Dealing with target uncertainty in a reaching control interface

Elaine A. Corbett, Konrad P. Körding, Eric J. Perreault

Research output: Contribution to journalArticlepeer-review

3 Scopus citations


Prosthetic devices need to be controlled by their users, typically using physiological signals. People tend to look at objects before reaching for them and we have shown that combining eye movements with other continuous physiological signal sources enhances control. This approach suffers when subjects also look at non-targets, a problem we addressed with a probabilistic mixture over targets where subject gaze information is used to identify target candidates. However, this approach would be ineffective if a user wanted to move towards targets that have not been foveated. Here we evaluated how the accuracy of prior target information influenced decoding accuracy, as the availability of neural control signals was varied. We also considered a mixture model where we assumed that the target may be foveated or, alternatively, that the target may not be foveated. We tested the accuracy of the models at decoding natural reaching data, and also in a closed-loop robot-assisted reaching task. The mixture model worked well in the face of high target uncertainty. Furthermore, errors due to inaccurate target information were reduced by including a generic model that relied on neural signals only.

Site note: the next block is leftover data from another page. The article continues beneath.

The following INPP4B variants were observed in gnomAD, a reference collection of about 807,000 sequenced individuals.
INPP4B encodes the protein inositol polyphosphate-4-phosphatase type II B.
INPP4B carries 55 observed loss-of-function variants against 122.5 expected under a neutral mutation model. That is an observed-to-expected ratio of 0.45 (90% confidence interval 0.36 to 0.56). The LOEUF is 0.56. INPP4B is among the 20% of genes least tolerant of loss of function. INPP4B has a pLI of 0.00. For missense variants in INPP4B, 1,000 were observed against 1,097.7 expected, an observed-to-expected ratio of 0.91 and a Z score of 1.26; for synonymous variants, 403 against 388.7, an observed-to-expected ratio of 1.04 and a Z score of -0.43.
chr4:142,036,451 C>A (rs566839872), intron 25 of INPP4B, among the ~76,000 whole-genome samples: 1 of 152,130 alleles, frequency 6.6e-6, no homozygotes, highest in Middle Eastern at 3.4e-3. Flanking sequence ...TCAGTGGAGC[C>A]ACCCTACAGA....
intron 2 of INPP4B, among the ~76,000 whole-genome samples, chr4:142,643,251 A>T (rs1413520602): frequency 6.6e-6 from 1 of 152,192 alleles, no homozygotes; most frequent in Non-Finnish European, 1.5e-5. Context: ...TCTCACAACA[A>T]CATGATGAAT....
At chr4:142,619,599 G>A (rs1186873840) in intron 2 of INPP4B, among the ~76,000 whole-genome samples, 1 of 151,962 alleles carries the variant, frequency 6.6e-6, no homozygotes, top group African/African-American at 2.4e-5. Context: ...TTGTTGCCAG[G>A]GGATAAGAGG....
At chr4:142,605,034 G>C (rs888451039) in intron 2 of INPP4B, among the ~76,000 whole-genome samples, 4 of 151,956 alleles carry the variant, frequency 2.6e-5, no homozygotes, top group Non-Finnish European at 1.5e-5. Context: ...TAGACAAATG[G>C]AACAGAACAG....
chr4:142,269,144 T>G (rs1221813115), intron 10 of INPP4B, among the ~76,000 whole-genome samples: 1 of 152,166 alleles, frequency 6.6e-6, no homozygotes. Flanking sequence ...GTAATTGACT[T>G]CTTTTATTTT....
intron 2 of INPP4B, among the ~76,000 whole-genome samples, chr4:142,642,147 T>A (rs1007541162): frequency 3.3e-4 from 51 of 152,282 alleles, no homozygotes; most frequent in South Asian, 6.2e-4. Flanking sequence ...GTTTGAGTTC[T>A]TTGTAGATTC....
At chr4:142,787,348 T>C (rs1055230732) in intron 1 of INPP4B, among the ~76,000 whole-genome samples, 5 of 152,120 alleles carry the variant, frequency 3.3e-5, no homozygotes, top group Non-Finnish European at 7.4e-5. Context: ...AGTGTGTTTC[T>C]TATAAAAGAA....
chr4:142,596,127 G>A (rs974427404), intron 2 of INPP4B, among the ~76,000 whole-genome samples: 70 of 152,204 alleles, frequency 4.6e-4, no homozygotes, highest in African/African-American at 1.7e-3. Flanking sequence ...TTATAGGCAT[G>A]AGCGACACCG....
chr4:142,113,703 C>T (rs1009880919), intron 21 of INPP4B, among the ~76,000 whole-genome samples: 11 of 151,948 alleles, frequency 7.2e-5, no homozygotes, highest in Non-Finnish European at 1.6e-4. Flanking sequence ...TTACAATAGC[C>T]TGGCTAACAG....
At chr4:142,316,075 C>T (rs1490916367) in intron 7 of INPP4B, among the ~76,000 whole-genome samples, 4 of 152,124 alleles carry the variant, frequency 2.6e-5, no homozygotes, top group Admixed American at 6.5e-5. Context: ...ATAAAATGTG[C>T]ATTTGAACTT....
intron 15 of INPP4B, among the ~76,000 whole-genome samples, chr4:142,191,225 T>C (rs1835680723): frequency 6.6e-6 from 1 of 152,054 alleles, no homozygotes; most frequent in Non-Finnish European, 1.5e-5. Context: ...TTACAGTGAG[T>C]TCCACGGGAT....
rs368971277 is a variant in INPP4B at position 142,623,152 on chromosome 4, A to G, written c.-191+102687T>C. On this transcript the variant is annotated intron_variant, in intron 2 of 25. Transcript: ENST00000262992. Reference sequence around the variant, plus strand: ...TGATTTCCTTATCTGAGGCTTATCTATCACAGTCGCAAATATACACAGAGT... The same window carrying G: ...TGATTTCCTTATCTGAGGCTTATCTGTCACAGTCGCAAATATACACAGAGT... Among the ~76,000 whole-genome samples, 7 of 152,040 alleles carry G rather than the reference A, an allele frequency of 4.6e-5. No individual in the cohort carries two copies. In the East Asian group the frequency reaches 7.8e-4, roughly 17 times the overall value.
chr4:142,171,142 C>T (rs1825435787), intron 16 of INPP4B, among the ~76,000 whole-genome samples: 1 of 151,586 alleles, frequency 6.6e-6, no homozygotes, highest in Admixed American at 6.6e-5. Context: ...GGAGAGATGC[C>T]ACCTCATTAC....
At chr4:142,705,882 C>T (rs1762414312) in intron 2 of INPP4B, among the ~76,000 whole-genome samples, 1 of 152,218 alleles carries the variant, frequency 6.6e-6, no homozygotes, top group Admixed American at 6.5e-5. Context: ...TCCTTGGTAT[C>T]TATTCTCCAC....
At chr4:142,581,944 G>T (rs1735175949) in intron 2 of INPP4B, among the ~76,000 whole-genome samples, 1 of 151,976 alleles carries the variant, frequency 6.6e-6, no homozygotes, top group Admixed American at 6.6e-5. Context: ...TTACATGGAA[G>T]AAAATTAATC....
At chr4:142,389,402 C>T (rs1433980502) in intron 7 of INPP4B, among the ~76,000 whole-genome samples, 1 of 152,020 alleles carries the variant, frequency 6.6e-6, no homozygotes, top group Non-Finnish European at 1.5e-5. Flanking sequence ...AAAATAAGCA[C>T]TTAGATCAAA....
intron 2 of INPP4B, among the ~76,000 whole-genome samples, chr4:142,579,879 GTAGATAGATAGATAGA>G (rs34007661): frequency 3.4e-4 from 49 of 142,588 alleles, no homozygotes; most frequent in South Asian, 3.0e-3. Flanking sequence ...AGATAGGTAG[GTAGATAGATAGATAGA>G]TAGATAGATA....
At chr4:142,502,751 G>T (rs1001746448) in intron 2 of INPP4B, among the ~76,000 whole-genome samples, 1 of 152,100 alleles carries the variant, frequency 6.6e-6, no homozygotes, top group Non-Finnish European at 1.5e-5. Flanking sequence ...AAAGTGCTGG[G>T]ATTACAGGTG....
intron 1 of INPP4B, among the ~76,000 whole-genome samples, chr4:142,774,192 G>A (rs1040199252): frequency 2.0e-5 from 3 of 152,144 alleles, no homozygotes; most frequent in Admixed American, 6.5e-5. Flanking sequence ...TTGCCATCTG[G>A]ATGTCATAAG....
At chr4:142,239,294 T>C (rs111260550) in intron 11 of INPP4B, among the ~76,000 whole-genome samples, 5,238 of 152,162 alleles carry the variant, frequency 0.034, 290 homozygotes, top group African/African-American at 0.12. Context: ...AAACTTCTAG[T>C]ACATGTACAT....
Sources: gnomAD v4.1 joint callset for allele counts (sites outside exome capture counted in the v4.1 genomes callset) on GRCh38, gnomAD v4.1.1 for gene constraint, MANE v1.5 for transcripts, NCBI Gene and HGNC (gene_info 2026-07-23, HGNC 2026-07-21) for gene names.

Original languageEnglish (US)
Article numbere86811
JournalPloS one
Issue number1
StatePublished - Jan 28 2014

ASJC Scopus subject areas

  • General


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